By DEIRDRE C. MAYS
CLEMSON — A two-hour hike turned into a two-day ordeal for Paulist Father John Kenny, pastor of St. Andrew’s Church.
On Aug. 25, the 66-year-old priest headed out to nearby Whiteside Mountain in Cashiers, N.C., to enjoy nature on his day off but wandered from the trail and spent two nights in the woods. The jovial priest did not tell anyone where he was going because he expected to be home in time for lunch, so police searched only South Carolina parks the first day.
“Usually when I’m leaving in the morning, Fr. Gerry Aylward will ask me where I will be hiking and I’ll tell him,” Father Kenny explained, “but that morning only Father Gus McGuire was there and he just kidded me about carrying the small volume, A Way to Love by Anthony De Mello (a Jesuit spiritual writer whose work was recently condemned by the Vatican).
Father Kenny, who is a diabetic requiring two insulin shots a day, only carried a peach, a plum, a canteen of water and four small peppermints in a backpack. After an hour-and-a-half drive, he arrived at the trailhead at 10:30 a.m. He expected to be finished in time to have lunch in nearby Highlands, N.C. The trail, however, was crowded and when Father Kenny passed a group slowing his pace he moved off the main trail, and didn’t realize it for some time until it came to a halt at a cliff. He spent the next several hours trying to find his way back.
“By 4:30 p.m. I was bruised, torn and exhausted, and all of my food and water was gone, so I decided to find a place for the night,” he said. The optimistic priest, inspired from having seen a helicopter earlier in the day, chose an outcropping of rock in the hopes that he could be seen by a rescue plane or helicopter.
He spent a restless night accompanied by the roar of insects and occasionally jarred by the sounds of something he perceived as a sniffing animal.
“I shouted and waved my hat but now I think it was just another insect sound,” he explained. He also learned that his new watch glowed in the dark.
“I’m not sure that was a plus or a minus,” he joked, “that was a long night.”
In the long hours he said his rosary twice, without beads, and began praying for people whom he had known throughout his life, starting with his childhood in Chicago.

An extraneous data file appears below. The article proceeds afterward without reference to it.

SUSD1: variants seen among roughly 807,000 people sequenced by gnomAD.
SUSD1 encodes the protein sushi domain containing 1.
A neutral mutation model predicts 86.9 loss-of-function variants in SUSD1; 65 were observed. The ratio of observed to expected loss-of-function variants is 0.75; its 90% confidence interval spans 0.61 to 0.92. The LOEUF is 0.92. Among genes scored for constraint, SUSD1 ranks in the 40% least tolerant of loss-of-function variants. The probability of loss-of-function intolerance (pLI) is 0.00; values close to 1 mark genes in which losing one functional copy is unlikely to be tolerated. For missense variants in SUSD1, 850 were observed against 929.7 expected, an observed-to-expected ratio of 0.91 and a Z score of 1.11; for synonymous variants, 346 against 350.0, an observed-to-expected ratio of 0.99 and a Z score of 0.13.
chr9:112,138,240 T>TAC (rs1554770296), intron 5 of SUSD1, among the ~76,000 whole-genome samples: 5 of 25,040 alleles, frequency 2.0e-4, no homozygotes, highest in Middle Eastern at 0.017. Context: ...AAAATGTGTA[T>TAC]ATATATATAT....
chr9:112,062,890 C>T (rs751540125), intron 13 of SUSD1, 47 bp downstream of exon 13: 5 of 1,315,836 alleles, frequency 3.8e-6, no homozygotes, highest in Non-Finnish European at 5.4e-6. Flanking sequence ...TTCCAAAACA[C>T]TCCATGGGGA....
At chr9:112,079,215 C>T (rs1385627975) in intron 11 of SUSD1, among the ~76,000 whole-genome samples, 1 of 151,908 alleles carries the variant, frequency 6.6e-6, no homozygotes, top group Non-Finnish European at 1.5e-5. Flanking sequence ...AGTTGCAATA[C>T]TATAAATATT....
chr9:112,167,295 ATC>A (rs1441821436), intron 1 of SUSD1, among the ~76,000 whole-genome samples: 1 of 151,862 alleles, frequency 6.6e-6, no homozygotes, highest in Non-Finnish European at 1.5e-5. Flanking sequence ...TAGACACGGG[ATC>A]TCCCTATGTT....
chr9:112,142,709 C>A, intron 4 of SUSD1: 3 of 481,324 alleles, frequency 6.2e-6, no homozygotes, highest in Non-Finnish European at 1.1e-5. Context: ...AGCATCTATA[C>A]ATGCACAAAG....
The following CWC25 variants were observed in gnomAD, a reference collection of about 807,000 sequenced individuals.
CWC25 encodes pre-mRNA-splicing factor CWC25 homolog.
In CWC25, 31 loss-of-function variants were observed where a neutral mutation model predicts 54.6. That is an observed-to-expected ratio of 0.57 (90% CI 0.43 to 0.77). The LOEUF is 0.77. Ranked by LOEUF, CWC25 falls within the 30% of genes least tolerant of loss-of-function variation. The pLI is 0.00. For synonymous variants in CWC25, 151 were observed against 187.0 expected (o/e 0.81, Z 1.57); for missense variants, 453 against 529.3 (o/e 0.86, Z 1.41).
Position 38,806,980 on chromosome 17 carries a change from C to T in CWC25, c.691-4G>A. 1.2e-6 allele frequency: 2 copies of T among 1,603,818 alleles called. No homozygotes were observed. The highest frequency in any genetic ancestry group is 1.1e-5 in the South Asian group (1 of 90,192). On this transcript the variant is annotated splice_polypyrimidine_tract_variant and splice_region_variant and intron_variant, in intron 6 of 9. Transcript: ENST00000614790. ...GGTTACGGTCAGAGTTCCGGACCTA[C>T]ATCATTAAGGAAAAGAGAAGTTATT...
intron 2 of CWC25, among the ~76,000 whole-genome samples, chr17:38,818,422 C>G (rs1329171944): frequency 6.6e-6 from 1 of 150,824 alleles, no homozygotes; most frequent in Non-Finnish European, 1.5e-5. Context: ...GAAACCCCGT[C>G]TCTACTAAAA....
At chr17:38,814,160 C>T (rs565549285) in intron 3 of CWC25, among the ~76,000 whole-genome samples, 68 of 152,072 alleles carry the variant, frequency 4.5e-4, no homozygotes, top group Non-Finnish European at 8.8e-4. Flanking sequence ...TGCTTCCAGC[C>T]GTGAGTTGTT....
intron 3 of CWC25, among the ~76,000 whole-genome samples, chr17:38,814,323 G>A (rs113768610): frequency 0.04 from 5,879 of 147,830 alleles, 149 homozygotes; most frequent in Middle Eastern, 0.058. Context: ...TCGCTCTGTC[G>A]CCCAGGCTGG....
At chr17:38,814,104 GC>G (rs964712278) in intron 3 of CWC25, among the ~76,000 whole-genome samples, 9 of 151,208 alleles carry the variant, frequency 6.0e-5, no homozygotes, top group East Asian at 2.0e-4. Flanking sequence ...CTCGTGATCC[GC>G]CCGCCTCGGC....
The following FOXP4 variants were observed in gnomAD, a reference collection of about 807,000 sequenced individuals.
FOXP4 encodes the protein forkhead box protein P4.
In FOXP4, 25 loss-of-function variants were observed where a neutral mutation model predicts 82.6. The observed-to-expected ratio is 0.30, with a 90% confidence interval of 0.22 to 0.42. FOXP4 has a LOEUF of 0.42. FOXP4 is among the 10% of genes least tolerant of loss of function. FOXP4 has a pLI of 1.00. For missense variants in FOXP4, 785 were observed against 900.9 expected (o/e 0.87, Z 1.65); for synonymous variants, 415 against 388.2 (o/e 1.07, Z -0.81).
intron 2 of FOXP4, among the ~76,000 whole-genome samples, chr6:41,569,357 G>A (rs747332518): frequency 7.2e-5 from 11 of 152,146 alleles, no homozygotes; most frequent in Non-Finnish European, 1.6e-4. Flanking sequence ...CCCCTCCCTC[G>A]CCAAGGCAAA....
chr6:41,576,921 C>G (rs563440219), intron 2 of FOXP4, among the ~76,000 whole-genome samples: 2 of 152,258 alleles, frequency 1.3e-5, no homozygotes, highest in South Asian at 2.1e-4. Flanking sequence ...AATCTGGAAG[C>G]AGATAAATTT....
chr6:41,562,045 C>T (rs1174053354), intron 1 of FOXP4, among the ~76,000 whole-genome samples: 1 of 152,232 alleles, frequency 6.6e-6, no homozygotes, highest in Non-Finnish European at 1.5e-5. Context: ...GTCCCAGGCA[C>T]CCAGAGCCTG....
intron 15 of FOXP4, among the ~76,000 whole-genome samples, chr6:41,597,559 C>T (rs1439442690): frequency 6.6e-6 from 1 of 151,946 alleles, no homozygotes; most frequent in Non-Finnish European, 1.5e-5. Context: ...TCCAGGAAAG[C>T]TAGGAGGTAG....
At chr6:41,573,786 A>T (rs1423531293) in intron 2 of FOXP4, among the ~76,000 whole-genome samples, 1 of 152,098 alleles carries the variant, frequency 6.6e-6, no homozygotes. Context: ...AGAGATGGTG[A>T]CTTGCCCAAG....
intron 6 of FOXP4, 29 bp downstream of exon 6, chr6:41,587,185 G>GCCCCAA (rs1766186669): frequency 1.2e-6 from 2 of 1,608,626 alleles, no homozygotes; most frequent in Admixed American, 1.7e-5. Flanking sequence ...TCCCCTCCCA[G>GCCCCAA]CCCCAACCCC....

That morning, his fellow priests called the police who expanded the search.
During that second day, now feeling the effects of missing his insulin, Father Kenny read for a while and then pulled out his wallet. He found eight business cards on which he began writing farewells, the directions to find his will and whom he would like to preach at his funeral. He said he was not afraid, just worried.
The second night was cooler, his book became a pillow, and branches became his blankets. He was cold and said he began to hallucinate, but he felt he had made his peace with God.
“I wasn’t sure about whether I thought I would die,” he said, “I was just really worried about doing a third night.”
The state police had taken the initiative to start checking North Carolina parks and found the priest’s car on Thursday in the Whiteside Mountain parking lot. Father Jim Brucz and Sister Janet Carr were searching on their own and Father Brucz took it upon himself to climb to the top of the trail and shout for Father Kenny. About 1:30 p.m. the ailing priest heard someone shout his name and he responded.
The Glenview-Cashiers Rescue Team reached the priest and helped him climb the steep slope back to the trail. He was taken to the Highlands-Cashiers Hospital and kept overnight to replenish his fluids and monitor his blood sugar level.
“When I finally came home on Friday, I was amazed and humbled by all the concern expressed by so many, the newspaper and TV accounts and especially by all the prayers offered for my safety. I guess the Lord expects to get some more work out of me before I go.” he said.
Though, he says, everyone is scolding him for not saying where he was going or carrying more items in his backpack, he candidly said he will “probably” tell people where he is off to next time.